Working paper

Exchange rate movements, firm-level exports and heterogeneity

Published on 15 January 2018
Authors : Antoine Berthou, Emmanuel Dhyne

Working Paper Series no. 660. This paper provides an estimation of the reaction of firm-level exports consecutive to real exchange rate movements, the exchange rate elasticity of exports. Following recent theoretical works emphasizing the role played by firm heterogeneity, we test in particular how the exchange rate elasticity may be affected by firm-level productivity, and how the heterogeneous reaction of different firms may contribute to shape the aggregate reaction of countries' exports. The analysis relies on a unique cross-country micro-based dataset of exporters available for 11 European countries (2001-2011), which details in particular information about firms' productivity and export performance. Our results show that while the average exchange rate elasticity across firms is quite weak, it is also highly heterogeneous. The least productive firms within each country and sector tend to react more to real exchange rate movements than the most productive firms. This weak reaction of highly productive and large exporters tends to reduce the macroeconomic exchange rate elasticity in all countries. Cross-country differences in the shape of the productivity distribution among exporters have a strong influence on the macroeconomic exchange rate elasticity: countries populated with a higher density of low productive firms tend to respond more to exchange rate movements in terms of aggregate exports than countries populated with highly productive exporters.

Image Impact of a 10% real exchange rate appreciation on european firms' exports

In this paper, we use a unique cross-country micro-based dataset of exporters available for 11 European countries (2001-2011) to investigate how firms’ exports react to real exchange rate movements, and how this reaction may be driven by their productivity level. We then combine the estimated firm-level exchange rate elasticities with information about the microeconomic structure of each country's exports to predict the macroeconomic exchange rate elasticity for each of these countries. While we do not have direct access to firm level data, this dataset reports detailed information about firms' activity related to exports by productivity classes (deciles) defined within each country, sector and year. This information allows us to identify in particular, for each country and sector, the distributions of exporters' productivity as well as their export performance (level or growth).

In our empirical investigations, the exports growth of each firm is explained by real effective exchange rate movements in the exporting country, an indicator of foreign demand, a control for the euro membership, and a set of fixed effects controlling for unobserved heterogeneity. We consider both real effective exchange rate (REER) variations based on relative unit labor costs (ULC) and consumer price index (CPI) changes, as they reveal different but complementary information regarding changes in production costs and prices. Our sample of 11 countries from “Western” Europe (Belgium, France, Italy, Portugal and Finland) and “Eastern” Europe (Estonia, Hungary, Lithuania, Poland, Slovenia, and Slovakia) offers us a wide variety of shocks over recent years and a sufficient variance for identification.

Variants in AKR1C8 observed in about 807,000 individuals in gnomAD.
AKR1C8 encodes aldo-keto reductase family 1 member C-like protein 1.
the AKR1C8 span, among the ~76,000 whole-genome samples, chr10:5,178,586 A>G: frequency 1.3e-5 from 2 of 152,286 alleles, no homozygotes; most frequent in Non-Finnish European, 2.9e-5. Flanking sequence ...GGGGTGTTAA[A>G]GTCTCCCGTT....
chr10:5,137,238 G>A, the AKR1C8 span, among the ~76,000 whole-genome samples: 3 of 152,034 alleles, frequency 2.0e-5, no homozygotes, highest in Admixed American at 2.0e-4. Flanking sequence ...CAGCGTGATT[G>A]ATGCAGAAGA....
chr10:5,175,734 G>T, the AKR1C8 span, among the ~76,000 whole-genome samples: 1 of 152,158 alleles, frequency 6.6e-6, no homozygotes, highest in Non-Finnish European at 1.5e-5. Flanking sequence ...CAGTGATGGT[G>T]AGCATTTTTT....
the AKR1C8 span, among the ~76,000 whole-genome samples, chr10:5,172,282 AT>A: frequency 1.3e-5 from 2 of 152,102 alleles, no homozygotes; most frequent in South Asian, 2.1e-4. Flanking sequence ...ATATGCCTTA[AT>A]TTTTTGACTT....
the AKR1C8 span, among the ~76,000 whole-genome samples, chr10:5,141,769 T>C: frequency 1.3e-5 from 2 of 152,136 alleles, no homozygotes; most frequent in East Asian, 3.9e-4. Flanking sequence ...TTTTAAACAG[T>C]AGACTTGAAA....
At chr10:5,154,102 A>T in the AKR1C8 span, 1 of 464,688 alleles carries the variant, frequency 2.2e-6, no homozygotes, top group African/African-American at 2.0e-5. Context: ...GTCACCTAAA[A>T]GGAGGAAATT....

The benchmark average microeconomic elasticity obtained from our estimations ranges from about -0.5 (ULC-based REER) to -0.8 (CPI-based-REER): a 10% appreciation of the real effective exchange rate tends to reduce the exports value in euros of the average firm by 5% to 8%. We find that the reaction of the average firm to REER variations hides substantial heterogeneity within a given sector and country. The elasticity obtained for least productive firms (the bottom 20% of the productivity distribution in each country sector and year) is three times higher than for the most productive firms (the top 20% productive firms) when we consider the CPI-based REER, and eight times higher when we consider the ULC-based REER. We confirm the role played by productivity heterogeneity when firms are ranked based on a European distribution of productivity within each sector rather than on a country-specific productivity distribution: the least productive European exporting firms are on average more responsive to exchange rate movements compared with the most productive ones.

Based on an aggregation exercise using the export shares by firm-productivity class, we find that real effective exchange rate variations have a large impact on aggregate exports in countries populated with a high density of low productive firms, and a weak impact in countries populated with a small density of low productive firms. This result suggests that relative price changes may have only a weak effect on exports in mature European economies.

A short version of this work is available in our blog.